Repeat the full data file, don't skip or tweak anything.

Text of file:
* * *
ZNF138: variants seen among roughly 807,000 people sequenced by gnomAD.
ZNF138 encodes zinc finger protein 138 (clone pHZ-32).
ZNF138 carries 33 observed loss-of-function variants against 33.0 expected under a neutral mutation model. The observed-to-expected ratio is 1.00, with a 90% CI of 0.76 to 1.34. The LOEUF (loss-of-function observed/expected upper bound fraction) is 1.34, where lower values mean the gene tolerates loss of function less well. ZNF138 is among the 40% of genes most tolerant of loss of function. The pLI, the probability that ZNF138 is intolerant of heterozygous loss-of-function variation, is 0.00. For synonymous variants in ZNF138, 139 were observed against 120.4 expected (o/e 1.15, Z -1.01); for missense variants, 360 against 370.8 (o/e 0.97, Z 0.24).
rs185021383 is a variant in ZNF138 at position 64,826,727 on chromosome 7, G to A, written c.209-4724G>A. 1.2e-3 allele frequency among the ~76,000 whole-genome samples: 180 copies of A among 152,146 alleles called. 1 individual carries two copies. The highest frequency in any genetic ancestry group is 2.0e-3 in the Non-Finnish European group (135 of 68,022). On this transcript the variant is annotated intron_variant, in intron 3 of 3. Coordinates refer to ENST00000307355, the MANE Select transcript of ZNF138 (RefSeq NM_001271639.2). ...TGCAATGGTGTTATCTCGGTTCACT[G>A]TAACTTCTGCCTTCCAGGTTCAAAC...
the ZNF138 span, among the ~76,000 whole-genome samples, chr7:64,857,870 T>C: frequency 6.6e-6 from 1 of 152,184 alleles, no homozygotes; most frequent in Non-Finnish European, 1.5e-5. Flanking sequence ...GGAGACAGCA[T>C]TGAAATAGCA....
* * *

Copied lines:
ZNF138: variants seen among roughly 807,000 people sequenced by gnomAD.
ZNF138 encodes zinc finger protein 138 (clone pHZ-32).
ZNF138 carries 33 observed loss-of-function variants against 33.0 expected under a neutral mutation model. The observed-to-expected ratio is 1.00, with a 90% CI of 0.76 to 1.34. The LOEUF (loss-of-function observed/expected upper bound fraction) is 1.34, where lower values mean the gene tolerates loss of function less well. ZNF138 is among the 40% of genes most tolerant of loss of function. The pLI, the probability that ZNF138 is intolerant of heterozygous loss-of-function variation, is 0.00. For synonymous variants in ZNF138, 139 were observed against 120.4 expected (o/e 1.15, Z -1.01); for missense variants, 360 against 370.8 (o/e 0.97, Z 0.24).
rs185021383 is a variant in ZNF138 at position 64,826,727 on chromosome 7, G to A, written c.209-4724G>A. 1.2e-3 allele frequency among the ~76,000 whole-genome samples: 180 copies of A among 152,146 alleles called. 1 individual carries two copies. The highest frequency in any genetic ancestry group is 2.0e-3 in the Non-Finnish European group (135 of 68,022). On this transcript the variant is annotated intron_variant, in intron 3 of 3. Coordinates refer to ENST00000307355, the MANE Select transcript of ZNF138 (RefSeq NM_001271639.2). ...TGCAATGGTGTTATCTCGGTTCACT[G>A]TAACTTCTGCCTTCCAGGTTCAAAC...
the ZNF138 span, among the ~76,000 whole-genome samples, chr7:64,857,870 T>C: frequency 6.6e-6 from 1 of 152,184 alleles, no homozygotes; most frequent in Non-Finnish European, 1.5e-5. Flanking sequence ...GGAGACAGCA[T>C]TGAAATAGCA....